I am an adult student learning the violin. I have have been playing for slightly more than a year. I can play most of the pieces in Suzuki book 1 now and have progressed up to book 2. I do not know if this is the norm; I feel like my teacher does not place too many expectations on me. Once she covers approximately 80% of a piece, we would move on. But I don't find that I’m playing the best that I can yet (e.g. when I listen to YouTube covers of the pieces, and then compare to my own recordings). One of my major weakness in playing is intonation because I have zero background in music and therefore still struggle to play in tune.

What would be better in this case? Continue with my teacher’s teaching pedagogy, or request for her to fine tune and be critical on every piece. I understand the latter may make me lose my interest and joy in playing the violin more quickly. But I really want to be able to play pieces so perfect, to a level where they can be performed to an audience.

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    You should definitely bring this up with your teacher. I had exactly this kind of conversation with my clarinet teacher recently. In my case, my teacher doesn’t want to take my money for telling me things I already know. Your teacher might be working on developing your ear and technique and leaving it to you to know where you need to focus on “finishing” pieces. That’s one difference between children and adults, generally adults have more ability to objectively evaluate their own progress – Todd Wilcox Jan 24 at 16:38
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    By "covers approximately 80% of a piece", do you mean that you only get to play approx. 80% of the notes? Or do you end up skipping dynamics or notated articulation? Skipping anything on the score at the point you have to move on is a giant red flag. – Dekkadeci Jan 25 at 12:13
  • A suggestion based on my teenage years of taking piano: get each piece to 80% competency and move on to a new piece. But put a star on every piece that you really like and are naturally good at. Once or twice a year have your teacher help you prepare one of the starred pieces as if you were doing it for a competition or recital or examination; that will help you get a sense of what it is like to take an 80% piece to performance-ready. It's a lot of work! Bonus points if you then actually do the recital. :) – Eric Lippert Jan 27 at 23:29
  • I often think of the story of the two pottery classes. Class 1 is graded on quality of their pots, class 2 is graded on how many pots they produce to a minimal standard. At the end of the term, class 2 is creating pots both faster and better quality than class 1. An apocryphal story probably, but relevant to music practice as well. – Eric Lippert Jan 27 at 23:33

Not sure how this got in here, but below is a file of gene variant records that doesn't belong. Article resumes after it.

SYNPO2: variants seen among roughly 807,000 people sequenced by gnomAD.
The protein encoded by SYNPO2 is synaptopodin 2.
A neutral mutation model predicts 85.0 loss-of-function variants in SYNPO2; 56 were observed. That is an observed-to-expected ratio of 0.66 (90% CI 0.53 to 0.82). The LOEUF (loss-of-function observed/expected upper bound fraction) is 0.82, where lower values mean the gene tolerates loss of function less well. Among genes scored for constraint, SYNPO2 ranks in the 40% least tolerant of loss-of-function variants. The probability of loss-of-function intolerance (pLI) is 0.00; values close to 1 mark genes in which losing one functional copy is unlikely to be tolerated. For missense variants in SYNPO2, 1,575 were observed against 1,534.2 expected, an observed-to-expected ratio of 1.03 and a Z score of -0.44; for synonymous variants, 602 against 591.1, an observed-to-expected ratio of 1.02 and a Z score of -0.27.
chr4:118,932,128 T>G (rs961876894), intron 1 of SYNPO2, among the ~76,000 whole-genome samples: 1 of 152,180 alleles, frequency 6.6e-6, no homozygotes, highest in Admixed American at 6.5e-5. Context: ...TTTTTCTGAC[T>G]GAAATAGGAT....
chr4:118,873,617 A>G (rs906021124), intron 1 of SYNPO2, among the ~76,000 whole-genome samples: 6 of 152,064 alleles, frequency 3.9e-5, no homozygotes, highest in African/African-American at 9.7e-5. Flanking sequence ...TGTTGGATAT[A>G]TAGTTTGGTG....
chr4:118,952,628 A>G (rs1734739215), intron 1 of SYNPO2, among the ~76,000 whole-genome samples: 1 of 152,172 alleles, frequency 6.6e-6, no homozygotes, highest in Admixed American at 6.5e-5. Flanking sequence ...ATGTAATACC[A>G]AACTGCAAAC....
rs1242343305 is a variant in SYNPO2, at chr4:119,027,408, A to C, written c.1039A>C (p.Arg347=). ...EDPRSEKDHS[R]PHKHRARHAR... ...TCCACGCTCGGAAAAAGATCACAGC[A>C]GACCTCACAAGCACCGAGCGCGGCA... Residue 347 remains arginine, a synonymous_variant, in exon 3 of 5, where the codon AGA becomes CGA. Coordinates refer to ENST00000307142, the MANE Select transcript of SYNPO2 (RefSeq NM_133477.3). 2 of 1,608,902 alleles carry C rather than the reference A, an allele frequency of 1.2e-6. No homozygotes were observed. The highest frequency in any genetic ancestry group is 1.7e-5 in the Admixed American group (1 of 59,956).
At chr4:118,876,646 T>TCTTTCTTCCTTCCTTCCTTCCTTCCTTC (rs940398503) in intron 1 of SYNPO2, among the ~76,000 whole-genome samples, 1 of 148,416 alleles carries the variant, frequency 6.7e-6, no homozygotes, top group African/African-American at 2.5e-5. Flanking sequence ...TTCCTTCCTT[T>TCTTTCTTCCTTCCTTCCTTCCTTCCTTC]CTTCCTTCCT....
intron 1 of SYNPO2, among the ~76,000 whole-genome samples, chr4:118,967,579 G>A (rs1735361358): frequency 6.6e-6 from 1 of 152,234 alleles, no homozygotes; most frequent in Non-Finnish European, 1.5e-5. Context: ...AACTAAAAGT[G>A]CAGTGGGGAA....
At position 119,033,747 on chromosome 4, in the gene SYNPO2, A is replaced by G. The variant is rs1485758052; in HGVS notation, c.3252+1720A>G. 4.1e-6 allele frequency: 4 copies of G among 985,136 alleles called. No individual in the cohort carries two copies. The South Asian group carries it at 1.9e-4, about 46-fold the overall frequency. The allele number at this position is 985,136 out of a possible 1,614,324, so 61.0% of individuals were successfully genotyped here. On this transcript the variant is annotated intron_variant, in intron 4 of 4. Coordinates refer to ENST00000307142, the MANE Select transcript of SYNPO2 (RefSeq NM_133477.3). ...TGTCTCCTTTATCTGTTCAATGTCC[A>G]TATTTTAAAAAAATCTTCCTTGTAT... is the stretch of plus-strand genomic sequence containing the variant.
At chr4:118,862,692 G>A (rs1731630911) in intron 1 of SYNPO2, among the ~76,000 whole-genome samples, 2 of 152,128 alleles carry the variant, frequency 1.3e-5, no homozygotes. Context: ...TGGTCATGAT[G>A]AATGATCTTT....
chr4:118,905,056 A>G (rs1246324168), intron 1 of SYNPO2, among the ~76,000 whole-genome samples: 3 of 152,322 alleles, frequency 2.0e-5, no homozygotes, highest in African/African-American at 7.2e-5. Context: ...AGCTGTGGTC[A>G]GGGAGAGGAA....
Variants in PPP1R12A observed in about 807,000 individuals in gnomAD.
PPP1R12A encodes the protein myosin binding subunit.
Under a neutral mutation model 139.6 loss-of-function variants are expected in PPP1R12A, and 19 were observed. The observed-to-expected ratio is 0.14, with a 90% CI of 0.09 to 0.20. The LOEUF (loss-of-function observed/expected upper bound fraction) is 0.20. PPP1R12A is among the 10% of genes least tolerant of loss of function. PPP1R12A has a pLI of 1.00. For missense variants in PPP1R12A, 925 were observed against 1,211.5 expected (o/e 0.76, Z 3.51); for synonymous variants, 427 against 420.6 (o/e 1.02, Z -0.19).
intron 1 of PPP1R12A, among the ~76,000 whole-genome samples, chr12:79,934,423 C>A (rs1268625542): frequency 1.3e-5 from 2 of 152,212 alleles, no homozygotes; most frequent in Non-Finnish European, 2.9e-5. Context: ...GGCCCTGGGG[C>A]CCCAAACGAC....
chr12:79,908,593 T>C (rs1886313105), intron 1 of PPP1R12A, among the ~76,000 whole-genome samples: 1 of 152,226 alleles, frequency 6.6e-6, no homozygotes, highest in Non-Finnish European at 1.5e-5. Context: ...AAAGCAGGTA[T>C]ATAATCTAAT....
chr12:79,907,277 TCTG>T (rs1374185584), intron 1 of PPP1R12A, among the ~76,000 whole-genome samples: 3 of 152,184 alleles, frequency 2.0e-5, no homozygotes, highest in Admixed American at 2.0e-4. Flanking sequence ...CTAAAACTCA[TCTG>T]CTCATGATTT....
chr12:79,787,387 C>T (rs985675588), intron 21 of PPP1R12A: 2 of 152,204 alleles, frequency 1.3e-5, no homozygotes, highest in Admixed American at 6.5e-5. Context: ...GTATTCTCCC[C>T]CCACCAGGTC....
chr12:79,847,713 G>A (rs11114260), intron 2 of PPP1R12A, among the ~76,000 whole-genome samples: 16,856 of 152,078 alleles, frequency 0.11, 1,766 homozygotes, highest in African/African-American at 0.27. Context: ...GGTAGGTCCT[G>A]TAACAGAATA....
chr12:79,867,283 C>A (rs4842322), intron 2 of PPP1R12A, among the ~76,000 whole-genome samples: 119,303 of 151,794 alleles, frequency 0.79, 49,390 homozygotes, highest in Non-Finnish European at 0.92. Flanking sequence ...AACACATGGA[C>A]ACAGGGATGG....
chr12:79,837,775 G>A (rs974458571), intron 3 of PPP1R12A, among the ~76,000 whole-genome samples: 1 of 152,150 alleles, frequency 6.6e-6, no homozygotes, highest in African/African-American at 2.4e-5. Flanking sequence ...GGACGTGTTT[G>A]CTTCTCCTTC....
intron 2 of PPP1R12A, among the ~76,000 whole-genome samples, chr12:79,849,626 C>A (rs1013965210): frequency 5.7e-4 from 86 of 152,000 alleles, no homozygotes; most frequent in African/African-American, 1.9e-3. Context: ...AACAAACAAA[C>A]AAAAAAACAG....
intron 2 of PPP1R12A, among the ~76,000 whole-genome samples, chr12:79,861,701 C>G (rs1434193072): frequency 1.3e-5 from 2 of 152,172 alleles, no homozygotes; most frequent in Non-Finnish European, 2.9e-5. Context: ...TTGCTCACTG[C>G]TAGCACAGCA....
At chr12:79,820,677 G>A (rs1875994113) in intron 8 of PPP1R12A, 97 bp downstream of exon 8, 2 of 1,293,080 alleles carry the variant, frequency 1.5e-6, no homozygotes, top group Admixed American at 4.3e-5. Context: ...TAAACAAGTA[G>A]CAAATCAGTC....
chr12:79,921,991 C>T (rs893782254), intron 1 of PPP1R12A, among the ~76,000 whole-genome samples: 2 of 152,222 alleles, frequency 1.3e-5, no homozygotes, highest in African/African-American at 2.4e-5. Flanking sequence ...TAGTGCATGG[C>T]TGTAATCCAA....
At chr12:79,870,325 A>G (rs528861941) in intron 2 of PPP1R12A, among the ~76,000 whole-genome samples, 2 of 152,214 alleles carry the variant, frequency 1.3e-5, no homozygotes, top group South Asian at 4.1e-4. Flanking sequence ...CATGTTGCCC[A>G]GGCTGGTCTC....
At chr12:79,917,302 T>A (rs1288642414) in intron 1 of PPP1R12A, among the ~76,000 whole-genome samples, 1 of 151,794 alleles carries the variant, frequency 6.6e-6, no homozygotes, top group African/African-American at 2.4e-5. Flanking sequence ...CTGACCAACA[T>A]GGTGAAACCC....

As a beginner, you can't expect to get a piece sounding 'perfect' in any reasonable length of time, because you haven't yet built up all the skills - intonation, bow control, phrasing, your own style - that will make a piece sound like a well-played violin piece.

The best way to build up those general skills isn't to play the same piece over and over again, but to work through different pieces, building up your experience. This is because each piece challenges and develops your skills in different ways.

You can keep revisiting your old pieces as your skills improve, and you should find they sound better and better. How good is good enough is up to you - as mentioned in musicamante's answer, you may find 'perfection' an unattainable goal.

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    Its usually general advice for any skill to not bother grinding a single thing until its perfect over getting pretty good at a range of exercises and raising the quality level of everything gradually. – Qwertie Jan 25 at 9:20
  • @Qwertie yes - a couple of related ideas are that of Overfitting, and What should they know of X, who only X know?... – topo Reinstate Monica Jan 25 at 9:26
  • Additionally, while OP may want to grind and that's okay too, this is not something a teacher's time is best spent on. So I'd argue that the teacher is actually ensuring their presence (given their finite hours) is as optimal as possible. – Flater Jan 26 at 13:02

As a teacher, and, most importantly, "former" pupil, I'd say this: you will probably never get to the 100%. Not even close.
Many professional and acclaimed musicians wouldn't say that they got their "one hundred percent" on anything. Ever.

A known quote by Pablo Casals, considered one of the greatest cellists of all time, was the answer to a question about why he was still doing 6-hours practice everyday, even at 80 (that was his age for the last verified quote, but some report the same even when he was 95).
His answer was, more or less: "Because I think I'm [still] making progress".

The fact is, your expectations are constantly increased by both your progress in specific skills and your experience in life.

I don't know your teacher and her/his method, but as a guess I'd say that your age might be an important aspect to be considered.

The learning curve of an adult is radically different than that of a child, teenager or young adult. The more you're younger, the faster you learn radically new skills (you're a blank slate, new things are much more evident and usually written in large characters), but this doesn't mean that your learning is slower at later age, as the experience acquired in adulthood can potentially make you learn new skills even faster.
Unfortunately, experience is also a big drawback: it tells you to avoid trying things because you "think" they're not worth it, or to believe that they won't do any good, and that's not always fine - especially for art related subjects.